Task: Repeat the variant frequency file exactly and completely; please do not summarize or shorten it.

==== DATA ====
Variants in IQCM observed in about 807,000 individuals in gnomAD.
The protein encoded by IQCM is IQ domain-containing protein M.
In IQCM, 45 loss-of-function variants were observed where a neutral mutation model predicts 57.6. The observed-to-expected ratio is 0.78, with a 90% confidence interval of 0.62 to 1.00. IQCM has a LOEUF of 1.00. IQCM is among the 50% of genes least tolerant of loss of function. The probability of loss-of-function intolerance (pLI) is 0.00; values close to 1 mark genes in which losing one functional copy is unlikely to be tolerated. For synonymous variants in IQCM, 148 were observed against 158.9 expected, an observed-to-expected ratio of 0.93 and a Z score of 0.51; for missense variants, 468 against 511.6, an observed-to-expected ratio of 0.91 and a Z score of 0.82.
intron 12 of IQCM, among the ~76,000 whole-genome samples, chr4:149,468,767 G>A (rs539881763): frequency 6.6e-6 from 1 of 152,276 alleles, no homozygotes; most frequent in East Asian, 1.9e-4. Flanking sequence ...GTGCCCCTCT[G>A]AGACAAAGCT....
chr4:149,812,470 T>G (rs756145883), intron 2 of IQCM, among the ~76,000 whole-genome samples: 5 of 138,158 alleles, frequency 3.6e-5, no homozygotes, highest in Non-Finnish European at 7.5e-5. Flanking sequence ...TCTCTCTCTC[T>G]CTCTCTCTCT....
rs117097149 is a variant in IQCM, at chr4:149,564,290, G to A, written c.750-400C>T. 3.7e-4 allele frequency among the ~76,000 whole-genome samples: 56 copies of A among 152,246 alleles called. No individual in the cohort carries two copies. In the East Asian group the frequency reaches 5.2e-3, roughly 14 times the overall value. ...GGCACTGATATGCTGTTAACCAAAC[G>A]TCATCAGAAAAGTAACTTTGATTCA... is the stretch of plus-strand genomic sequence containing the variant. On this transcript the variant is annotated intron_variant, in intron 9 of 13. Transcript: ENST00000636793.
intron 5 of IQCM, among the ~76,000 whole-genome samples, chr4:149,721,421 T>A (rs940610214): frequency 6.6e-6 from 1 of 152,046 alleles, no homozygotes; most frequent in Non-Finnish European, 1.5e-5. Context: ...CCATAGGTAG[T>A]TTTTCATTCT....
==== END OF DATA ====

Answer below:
Variants in IQCM observed in about 807,000 individuals in gnomAD.
The protein encoded by IQCM is IQ domain-containing protein M.
In IQCM, 45 loss-of-function variants were observed where a neutral mutation model predicts 57.6. The observed-to-expected ratio is 0.78, with a 90% confidence interval of 0.62 to 1.00. IQCM has a LOEUF of 1.00. IQCM is among the 50% of genes least tolerant of loss of function. The probability of loss-of-function intolerance (pLI) is 0.00; values close to 1 mark genes in which losing one functional copy is unlikely to be tolerated. For synonymous variants in IQCM, 148 were observed against 158.9 expected, an observed-to-expected ratio of 0.93 and a Z score of 0.51; for missense variants, 468 against 511.6, an observed-to-expected ratio of 0.91 and a Z score of 0.82.
intron 12 of IQCM, among the ~76,000 whole-genome samples, chr4:149,468,767 G>A (rs539881763): frequency 6.6e-6 from 1 of 152,276 alleles, no homozygotes; most frequent in East Asian, 1.9e-4. Flanking sequence ...GTGCCCCTCT[G>A]AGACAAAGCT....
chr4:149,812,470 T>G (rs756145883), intron 2 of IQCM, among the ~76,000 whole-genome samples: 5 of 138,158 alleles, frequency 3.6e-5, no homozygotes, highest in Non-Finnish European at 7.5e-5. Flanking sequence ...TCTCTCTCTC[T>G]CTCTCTCTCT....
rs117097149 is a variant in IQCM, at chr4:149,564,290, G to A, written c.750-400C>T. 3.7e-4 allele frequency among the ~76,000 whole-genome samples: 56 copies of A among 152,246 alleles called. No individual in the cohort carries two copies. In the East Asian group the frequency reaches 5.2e-3, roughly 14 times the overall value. ...GGCACTGATATGCTGTTAACCAAAC[G>A]TCATCAGAAAAGTAACTTTGATTCA... is the stretch of plus-strand genomic sequence containing the variant. On this transcript the variant is annotated intron_variant, in intron 9 of 13. Transcript: ENST00000636793.
intron 5 of IQCM, among the ~76,000 whole-genome samples, chr4:149,721,421 T>A (rs940610214): frequency 6.6e-6 from 1 of 152,046 alleles, no homozygotes; most frequent in Non-Finnish European, 1.5e-5. Context: ...CCATAGGTAG[T>A]TTTTCATTCT....